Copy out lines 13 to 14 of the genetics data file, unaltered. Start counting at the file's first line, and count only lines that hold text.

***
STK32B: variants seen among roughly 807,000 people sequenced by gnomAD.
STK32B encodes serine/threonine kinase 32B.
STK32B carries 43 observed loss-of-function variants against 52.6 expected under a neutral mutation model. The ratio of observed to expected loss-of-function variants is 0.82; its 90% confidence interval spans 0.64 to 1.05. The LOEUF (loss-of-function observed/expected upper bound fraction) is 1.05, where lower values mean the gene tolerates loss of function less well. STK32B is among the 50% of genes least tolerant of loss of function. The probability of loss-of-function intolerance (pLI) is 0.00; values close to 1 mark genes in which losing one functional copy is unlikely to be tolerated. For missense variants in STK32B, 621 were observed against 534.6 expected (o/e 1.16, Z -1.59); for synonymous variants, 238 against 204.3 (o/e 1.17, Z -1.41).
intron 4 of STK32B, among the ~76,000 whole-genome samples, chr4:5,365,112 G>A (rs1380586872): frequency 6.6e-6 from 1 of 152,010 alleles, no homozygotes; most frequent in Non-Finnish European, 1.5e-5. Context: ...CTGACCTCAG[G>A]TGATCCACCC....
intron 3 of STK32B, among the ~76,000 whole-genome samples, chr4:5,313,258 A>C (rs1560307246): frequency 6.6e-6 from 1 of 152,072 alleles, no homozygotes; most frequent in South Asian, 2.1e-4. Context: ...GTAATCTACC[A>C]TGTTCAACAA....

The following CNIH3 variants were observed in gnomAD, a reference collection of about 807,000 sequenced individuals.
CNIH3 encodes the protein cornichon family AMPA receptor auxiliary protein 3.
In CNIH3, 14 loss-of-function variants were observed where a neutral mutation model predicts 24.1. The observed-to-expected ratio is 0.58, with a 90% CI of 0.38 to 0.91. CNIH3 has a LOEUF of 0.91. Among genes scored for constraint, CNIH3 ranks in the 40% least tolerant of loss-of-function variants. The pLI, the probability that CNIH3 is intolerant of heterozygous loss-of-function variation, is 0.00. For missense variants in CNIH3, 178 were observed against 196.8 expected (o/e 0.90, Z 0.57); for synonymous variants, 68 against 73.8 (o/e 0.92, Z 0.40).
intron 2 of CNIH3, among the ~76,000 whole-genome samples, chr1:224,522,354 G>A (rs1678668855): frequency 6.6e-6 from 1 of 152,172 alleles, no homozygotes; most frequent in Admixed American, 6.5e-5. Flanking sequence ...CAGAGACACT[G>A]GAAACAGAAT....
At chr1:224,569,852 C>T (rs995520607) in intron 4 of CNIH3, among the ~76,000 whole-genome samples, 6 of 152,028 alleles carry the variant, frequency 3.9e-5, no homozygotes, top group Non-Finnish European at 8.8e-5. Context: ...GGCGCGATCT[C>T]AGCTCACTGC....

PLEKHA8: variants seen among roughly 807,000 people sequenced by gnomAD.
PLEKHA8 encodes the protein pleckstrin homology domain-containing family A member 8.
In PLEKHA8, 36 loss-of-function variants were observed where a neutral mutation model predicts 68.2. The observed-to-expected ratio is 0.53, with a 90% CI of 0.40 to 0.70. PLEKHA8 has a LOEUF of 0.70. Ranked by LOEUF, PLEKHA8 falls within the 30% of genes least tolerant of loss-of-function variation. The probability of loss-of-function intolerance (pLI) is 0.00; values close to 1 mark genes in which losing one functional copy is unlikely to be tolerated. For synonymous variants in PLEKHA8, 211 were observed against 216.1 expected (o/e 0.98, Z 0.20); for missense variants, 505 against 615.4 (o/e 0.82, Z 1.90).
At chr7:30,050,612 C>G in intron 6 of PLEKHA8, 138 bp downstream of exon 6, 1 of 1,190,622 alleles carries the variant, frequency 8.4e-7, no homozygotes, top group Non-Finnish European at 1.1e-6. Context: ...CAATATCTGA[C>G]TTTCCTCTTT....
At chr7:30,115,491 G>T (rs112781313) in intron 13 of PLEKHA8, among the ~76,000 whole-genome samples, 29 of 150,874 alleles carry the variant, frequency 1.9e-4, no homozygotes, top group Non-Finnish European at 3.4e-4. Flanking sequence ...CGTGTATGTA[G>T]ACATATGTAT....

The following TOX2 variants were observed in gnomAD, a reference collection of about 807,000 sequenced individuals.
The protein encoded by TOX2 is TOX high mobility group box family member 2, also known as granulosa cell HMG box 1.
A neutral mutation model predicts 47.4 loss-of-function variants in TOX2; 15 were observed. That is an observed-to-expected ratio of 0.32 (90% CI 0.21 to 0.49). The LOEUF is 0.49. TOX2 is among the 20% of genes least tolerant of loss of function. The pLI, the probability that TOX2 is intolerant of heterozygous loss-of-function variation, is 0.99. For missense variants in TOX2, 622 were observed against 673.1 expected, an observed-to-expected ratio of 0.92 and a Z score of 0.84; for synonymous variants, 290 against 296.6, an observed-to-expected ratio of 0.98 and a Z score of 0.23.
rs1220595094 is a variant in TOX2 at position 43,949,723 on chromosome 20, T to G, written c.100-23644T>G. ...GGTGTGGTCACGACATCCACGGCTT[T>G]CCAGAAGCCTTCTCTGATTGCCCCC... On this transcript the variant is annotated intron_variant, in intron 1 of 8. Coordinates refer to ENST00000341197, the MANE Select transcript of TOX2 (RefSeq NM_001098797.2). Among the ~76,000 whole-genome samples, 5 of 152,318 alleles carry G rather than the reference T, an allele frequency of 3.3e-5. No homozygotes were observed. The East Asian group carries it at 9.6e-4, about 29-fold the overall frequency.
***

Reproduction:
In PLEKHA8, 36 loss-of-function variants were observed where a neutral mutation model predicts 68.2. The observed-to-expected ratio is 0.53, with a 90% CI of 0.40 to 0.70. PLEKHA8 has a LOEUF of 0.70. Ranked by LOEUF, PLEKHA8 falls within the 30% of genes least tolerant of loss-of-function variation. The probability of loss-of-function intolerance (pLI) is 0.00; values close to 1 mark genes in which losing one functional copy is unlikely to be tolerated. For synonymous variants in PLEKHA8, 211 were observed against 216.1 expected (o/e 0.98, Z 0.20); for missense variants, 505 against 615.4 (o/e 0.82, Z 1.90).
At chr7:30,050,612 C>G in intron 6 of PLEKHA8, 138 bp downstream of exon 6, 1 of 1,190,622 alleles carries the variant, frequency 8.4e-7, no homozygotes, top group Non-Finnish European at 1.1e-6. Context: ...CAATATCTGA[C>G]TTTCCTCTTT....